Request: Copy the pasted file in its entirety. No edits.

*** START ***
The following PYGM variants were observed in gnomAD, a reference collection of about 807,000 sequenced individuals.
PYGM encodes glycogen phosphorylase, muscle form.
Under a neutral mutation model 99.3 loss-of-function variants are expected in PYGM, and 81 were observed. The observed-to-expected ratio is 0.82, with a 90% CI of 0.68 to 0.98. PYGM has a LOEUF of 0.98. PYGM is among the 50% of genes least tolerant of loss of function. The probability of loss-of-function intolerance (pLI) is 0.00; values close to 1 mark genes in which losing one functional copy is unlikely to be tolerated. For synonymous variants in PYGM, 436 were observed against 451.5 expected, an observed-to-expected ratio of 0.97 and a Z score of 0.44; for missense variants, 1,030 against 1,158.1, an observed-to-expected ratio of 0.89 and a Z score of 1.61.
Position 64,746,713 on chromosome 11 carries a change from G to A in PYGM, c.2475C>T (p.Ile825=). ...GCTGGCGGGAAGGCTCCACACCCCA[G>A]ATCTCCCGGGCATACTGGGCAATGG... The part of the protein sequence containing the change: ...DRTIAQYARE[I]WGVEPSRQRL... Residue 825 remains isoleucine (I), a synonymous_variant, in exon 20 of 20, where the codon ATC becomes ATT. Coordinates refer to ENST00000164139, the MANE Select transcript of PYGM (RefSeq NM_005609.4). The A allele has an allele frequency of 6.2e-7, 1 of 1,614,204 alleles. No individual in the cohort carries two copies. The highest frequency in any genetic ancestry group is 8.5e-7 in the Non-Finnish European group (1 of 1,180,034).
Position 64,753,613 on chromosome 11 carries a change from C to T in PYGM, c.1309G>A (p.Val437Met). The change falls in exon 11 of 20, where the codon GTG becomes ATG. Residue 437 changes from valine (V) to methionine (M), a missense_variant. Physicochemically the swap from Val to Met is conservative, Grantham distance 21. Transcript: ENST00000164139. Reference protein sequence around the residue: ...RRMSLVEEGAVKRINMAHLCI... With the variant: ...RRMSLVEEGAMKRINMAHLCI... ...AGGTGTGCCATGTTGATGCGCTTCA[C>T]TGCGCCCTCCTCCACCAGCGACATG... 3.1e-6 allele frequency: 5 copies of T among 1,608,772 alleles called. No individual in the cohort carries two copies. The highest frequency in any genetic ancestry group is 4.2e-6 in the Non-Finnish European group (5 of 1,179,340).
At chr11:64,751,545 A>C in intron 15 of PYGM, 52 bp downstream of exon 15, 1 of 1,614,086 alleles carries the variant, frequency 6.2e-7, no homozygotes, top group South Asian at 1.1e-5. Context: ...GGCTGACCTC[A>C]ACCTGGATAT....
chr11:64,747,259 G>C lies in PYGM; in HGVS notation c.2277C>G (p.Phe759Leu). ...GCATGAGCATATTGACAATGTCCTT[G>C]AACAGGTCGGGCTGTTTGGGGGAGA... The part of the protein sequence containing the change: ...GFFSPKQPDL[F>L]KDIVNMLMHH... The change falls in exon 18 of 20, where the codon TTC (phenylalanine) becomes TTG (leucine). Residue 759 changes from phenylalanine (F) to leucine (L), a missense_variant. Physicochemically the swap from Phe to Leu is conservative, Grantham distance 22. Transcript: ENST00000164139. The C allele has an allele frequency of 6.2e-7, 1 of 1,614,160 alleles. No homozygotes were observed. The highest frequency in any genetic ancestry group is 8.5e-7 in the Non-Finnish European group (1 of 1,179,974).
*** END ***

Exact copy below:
The following PYGM variants were observed in gnomAD, a reference collection of about 807,000 sequenced individuals.
PYGM encodes glycogen phosphorylase, muscle form.
Under a neutral mutation model 99.3 loss-of-function variants are expected in PYGM, and 81 were observed. The observed-to-expected ratio is 0.82, with a 90% CI of 0.68 to 0.98. PYGM has a LOEUF of 0.98. PYGM is among the 50% of genes least tolerant of loss of function. The probability of loss-of-function intolerance (pLI) is 0.00; values close to 1 mark genes in which losing one functional copy is unlikely to be tolerated. For synonymous variants in PYGM, 436 were observed against 451.5 expected, an observed-to-expected ratio of 0.97 and a Z score of 0.44; for missense variants, 1,030 against 1,158.1, an observed-to-expected ratio of 0.89 and a Z score of 1.61.
Position 64,746,713 on chromosome 11 carries a change from G to A in PYGM, c.2475C>T (p.Ile825=). ...GCTGGCGGGAAGGCTCCACACCCCA[G>A]ATCTCCCGGGCATACTGGGCAATGG... The part of the protein sequence containing the change: ...DRTIAQYARE[I]WGVEPSRQRL... Residue 825 remains isoleucine (I), a synonymous_variant, in exon 20 of 20, where the codon ATC becomes ATT. Coordinates refer to ENST00000164139, the MANE Select transcript of PYGM (RefSeq NM_005609.4). The A allele has an allele frequency of 6.2e-7, 1 of 1,614,204 alleles. No individual in the cohort carries two copies. The highest frequency in any genetic ancestry group is 8.5e-7 in the Non-Finnish European group (1 of 1,180,034).
Position 64,753,613 on chromosome 11 carries a change from C to T in PYGM, c.1309G>A (p.Val437Met). The change falls in exon 11 of 20, where the codon GTG becomes ATG. Residue 437 changes from valine (V) to methionine (M), a missense_variant. Physicochemically the swap from Val to Met is conservative, Grantham distance 21. Transcript: ENST00000164139. Reference protein sequence around the residue: ...RRMSLVEEGAVKRINMAHLCI... With the variant: ...RRMSLVEEGAMKRINMAHLCI... ...AGGTGTGCCATGTTGATGCGCTTCA[C>T]TGCGCCCTCCTCCACCAGCGACATG... 3.1e-6 allele frequency: 5 copies of T among 1,608,772 alleles called. No individual in the cohort carries two copies. The highest frequency in any genetic ancestry group is 4.2e-6 in the Non-Finnish European group (5 of 1,179,340).
At chr11:64,751,545 A>C in intron 15 of PYGM, 52 bp downstream of exon 15, 1 of 1,614,086 alleles carries the variant, frequency 6.2e-7, no homozygotes, top group South Asian at 1.1e-5. Context: ...GGCTGACCTC[A>C]ACCTGGATAT....
chr11:64,747,259 G>C lies in PYGM; in HGVS notation c.2277C>G (p.Phe759Leu). ...GCATGAGCATATTGACAATGTCCTT[G>C]AACAGGTCGGGCTGTTTGGGGGAGA... The part of the protein sequence containing the change: ...GFFSPKQPDL[F>L]KDIVNMLMHH... The change falls in exon 18 of 20, where the codon TTC (phenylalanine) becomes TTG (leucine). Residue 759 changes from phenylalanine (F) to leucine (L), a missense_variant. Physicochemically the swap from Phe to Leu is conservative, Grantham distance 22. Transcript: ENST00000164139. The C allele has an allele frequency of 6.2e-7, 1 of 1,614,160 alleles. No homozygotes were observed. The highest frequency in any genetic ancestry group is 8.5e-7 in the Non-Finnish European group (1 of 1,179,974).